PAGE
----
The Antique Longcase Clocks – The longcase clock is the classic English clock, and is generally considered the finest achievement of English clock-making. Longcases are prized by collectors for the high quality of their cases and movements, and enjoy a wide popularity today.
There are large numbers in circulation, as they were possibly the most widely produced type of antique English clock. They were also produced in the United States – where they are known as tallcases – and on the Continent of Europe, but generally in lesser quantities than in England.
The earliest English longcase clocks were produced by London makers. By 1700, longcases were being made by provincial clockmakers in centers such as Bristol and Oxford. By the early 18th century, clockmaking had become established throughout United Kingdom, and even small villages could boast of having their own maker.
The long wooden case was an attractive but also practical solution to the problem of providing a stable, dust-frec environment for the pendulum and the weights hanging below the clock movement. The basic frame, or carcass, is almost invariably oak.
Antique chiming 8 day longcase clock – The Victorian 3 train chiming movement with a choice of chiming on 8 bells or Westminster chime on 4 gongs. There is also provision on the dial for silent/chime. Signed Rob Hampson of Warrington. The late 18th century case has reeded columns and blind frets. Price: £12,000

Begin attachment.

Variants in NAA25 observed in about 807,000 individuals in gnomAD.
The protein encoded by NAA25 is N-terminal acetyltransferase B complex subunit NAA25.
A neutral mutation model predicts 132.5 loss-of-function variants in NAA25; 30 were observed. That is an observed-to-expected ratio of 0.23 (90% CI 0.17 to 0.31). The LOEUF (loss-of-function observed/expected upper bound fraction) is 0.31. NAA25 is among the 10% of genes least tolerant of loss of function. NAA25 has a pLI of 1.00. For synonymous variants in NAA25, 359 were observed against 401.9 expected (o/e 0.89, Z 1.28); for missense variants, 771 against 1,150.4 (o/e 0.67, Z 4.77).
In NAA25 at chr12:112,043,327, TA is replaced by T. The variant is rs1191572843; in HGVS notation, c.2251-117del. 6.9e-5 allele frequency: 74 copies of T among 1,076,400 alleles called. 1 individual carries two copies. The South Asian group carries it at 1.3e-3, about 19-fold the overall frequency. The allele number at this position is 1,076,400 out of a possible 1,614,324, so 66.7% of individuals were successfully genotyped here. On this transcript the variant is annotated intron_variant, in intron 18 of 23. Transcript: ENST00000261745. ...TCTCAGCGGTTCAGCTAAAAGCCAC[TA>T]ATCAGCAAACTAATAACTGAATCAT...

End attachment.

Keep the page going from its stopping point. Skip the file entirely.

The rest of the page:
The earliest cases were veneered with ebony or ebonized wood. Later cases feature marquetry, walnut or mahogany veneers, lacquerwork and solid oak. As larger and more elaborate cases were produced, makers often made use of decorative touches such as top finials, pierced frets and brass stringing or mounts.
The longcase movement consists of an anchor escapement with a long, seconds-beating pendulum. The anchor escapement was considerably more accurate than its predecessor, the verge escapement, used in some very early longcases. The longcase mechanism gradually incorporated complex mechanical refinements such as moon dials or astronomical or musical work. All examples are weight-driven, with the weights descending inside the case.
Federal cherry tallcase clock, Eight-day Weight Powered, Time and Strike Brass Movement Massachusetts, Circa, 1800. The elaborately inlaid cherry case features cyma curve line inlay on the frieze above the arched and glazed hood door flanked by brass stop fluted, free-standing columns, barber pole inlay frames a rectangular waist door with cut corners, book-end, banded, fan, and line inlays with central paterae flanked by brass stop fluted quarter columns, and the base with banding, alternating dark and light, fans and central paterae inlays on an ogee bracket foot base.
Longcase clocks generally run for eight days before needing to be wound. Dials were originally square in shape, but from c.1720 the arched dial became the most common style. The round dial came into fashion in the late 18th and early 19th century. The dial may be brass – either one-piece, or with an applied chapter ring – or else painted metal.
Experts consider the very early examples, especially those with ebony, walnut or marquetry cases, to be the most important English longcases. The superb workmanship and fine proportions of these clocks, particularly those by Thomas Tompion, Joseph and John Knibb and Edward East, make them the most highly sought-after – and expensive – antique longcase clocks.
Thomas Tompion antique clocks
Swedish Mora Clocks